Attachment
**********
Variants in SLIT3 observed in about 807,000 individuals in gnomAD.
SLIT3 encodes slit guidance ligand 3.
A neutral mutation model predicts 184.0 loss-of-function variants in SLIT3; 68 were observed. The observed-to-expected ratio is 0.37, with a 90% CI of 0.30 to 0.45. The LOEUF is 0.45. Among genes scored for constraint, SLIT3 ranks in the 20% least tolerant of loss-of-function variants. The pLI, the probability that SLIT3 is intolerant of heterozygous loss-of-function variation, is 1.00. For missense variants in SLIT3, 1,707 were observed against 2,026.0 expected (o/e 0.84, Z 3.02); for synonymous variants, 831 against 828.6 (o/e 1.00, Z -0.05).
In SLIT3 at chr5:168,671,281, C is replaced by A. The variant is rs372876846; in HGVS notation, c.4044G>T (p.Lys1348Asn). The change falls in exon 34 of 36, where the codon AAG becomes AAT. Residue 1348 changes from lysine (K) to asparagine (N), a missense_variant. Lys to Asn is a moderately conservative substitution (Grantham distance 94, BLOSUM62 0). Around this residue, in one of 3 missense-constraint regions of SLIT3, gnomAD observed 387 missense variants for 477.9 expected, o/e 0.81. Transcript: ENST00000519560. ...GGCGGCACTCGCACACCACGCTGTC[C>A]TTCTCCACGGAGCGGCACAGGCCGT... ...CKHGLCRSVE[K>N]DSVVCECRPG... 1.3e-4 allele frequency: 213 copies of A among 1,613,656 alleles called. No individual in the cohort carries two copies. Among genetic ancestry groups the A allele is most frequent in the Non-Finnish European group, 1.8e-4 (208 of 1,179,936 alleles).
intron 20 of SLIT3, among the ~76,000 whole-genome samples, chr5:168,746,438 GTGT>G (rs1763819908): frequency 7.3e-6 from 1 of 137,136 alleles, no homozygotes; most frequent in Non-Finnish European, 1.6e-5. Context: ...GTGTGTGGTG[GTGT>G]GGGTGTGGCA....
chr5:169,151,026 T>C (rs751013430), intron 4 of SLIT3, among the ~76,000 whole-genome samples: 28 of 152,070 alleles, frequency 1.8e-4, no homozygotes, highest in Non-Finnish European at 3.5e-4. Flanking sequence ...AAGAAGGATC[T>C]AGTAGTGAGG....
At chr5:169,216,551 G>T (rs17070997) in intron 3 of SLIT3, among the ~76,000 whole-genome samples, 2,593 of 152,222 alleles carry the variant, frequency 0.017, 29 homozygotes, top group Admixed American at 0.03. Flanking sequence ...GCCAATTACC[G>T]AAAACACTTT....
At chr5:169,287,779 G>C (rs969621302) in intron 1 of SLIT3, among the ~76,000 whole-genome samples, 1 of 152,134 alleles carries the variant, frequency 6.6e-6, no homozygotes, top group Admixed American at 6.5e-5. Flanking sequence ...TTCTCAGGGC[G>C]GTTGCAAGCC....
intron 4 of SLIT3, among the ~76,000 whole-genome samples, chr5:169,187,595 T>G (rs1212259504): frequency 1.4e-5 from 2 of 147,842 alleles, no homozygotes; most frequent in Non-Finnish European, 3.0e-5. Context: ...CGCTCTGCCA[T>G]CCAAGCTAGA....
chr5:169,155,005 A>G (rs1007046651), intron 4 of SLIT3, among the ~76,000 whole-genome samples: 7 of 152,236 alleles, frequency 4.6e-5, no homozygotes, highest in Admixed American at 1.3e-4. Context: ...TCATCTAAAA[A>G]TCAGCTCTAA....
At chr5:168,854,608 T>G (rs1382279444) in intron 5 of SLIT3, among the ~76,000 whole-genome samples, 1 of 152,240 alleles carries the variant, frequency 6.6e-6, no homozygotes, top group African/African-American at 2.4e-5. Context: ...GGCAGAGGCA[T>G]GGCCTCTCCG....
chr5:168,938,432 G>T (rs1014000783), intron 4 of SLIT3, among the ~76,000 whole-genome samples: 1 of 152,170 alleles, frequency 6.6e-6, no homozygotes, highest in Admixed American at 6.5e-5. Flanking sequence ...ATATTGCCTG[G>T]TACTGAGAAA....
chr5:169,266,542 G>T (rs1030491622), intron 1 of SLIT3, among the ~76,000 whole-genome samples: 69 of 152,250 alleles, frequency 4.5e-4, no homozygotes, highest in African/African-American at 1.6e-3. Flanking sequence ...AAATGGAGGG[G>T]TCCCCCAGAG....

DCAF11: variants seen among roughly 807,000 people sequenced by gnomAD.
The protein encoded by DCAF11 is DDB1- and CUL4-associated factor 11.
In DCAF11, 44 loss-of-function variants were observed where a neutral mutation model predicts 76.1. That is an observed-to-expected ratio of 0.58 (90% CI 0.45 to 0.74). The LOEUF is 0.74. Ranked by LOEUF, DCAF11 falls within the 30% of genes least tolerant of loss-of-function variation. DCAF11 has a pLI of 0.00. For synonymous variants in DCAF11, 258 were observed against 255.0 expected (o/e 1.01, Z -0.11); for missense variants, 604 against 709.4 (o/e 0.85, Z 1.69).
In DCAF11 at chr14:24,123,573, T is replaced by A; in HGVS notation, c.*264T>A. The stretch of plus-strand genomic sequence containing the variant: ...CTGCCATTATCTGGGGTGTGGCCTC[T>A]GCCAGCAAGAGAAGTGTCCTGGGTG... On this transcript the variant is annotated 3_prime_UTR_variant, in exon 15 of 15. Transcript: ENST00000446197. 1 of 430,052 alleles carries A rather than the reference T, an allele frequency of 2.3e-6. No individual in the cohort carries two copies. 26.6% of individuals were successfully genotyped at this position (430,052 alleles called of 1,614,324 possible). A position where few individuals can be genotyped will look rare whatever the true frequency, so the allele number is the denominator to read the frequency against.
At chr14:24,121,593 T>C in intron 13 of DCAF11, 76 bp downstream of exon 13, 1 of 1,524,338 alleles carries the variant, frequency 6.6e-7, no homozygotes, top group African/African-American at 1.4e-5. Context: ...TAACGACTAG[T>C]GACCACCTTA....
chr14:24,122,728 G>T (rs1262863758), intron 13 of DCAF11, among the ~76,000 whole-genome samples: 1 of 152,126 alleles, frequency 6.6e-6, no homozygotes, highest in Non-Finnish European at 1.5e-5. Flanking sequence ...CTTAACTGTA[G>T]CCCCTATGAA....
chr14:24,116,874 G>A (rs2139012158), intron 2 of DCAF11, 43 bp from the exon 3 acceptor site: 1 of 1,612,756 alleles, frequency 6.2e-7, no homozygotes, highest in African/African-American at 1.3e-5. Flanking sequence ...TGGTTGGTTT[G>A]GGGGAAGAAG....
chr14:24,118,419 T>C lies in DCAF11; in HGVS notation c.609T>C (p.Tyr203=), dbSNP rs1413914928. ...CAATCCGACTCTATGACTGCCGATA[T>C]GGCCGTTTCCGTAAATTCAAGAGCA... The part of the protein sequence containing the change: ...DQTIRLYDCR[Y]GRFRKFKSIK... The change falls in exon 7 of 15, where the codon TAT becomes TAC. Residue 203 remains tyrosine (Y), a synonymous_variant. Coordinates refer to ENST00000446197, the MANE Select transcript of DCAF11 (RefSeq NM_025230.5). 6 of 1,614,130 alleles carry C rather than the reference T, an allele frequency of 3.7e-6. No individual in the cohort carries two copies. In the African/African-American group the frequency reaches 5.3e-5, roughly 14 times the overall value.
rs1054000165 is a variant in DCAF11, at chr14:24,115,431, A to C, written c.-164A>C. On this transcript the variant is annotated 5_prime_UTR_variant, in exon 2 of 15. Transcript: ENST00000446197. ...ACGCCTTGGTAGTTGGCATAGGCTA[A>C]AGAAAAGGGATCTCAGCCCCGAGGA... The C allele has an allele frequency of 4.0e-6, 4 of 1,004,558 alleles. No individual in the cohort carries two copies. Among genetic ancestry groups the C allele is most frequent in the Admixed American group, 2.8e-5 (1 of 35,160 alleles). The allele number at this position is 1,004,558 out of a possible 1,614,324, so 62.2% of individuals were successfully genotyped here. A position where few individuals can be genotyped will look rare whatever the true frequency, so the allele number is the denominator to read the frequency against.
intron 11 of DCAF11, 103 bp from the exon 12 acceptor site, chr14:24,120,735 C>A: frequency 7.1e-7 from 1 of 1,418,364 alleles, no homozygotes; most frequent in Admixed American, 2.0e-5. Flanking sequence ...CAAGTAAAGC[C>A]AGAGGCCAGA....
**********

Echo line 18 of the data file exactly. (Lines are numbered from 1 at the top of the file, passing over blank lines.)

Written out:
At chr14:24,121,593 T>C in intron 13 of DCAF11, 76 bp downstream of exon 13, 1 of 1,524,338 alleles carries the variant, frequency 6.6e-7, no homozygotes, top group African/African-American at 1.4e-5. Context: ...TAACGACTAG[T>C]GACCACCTTA....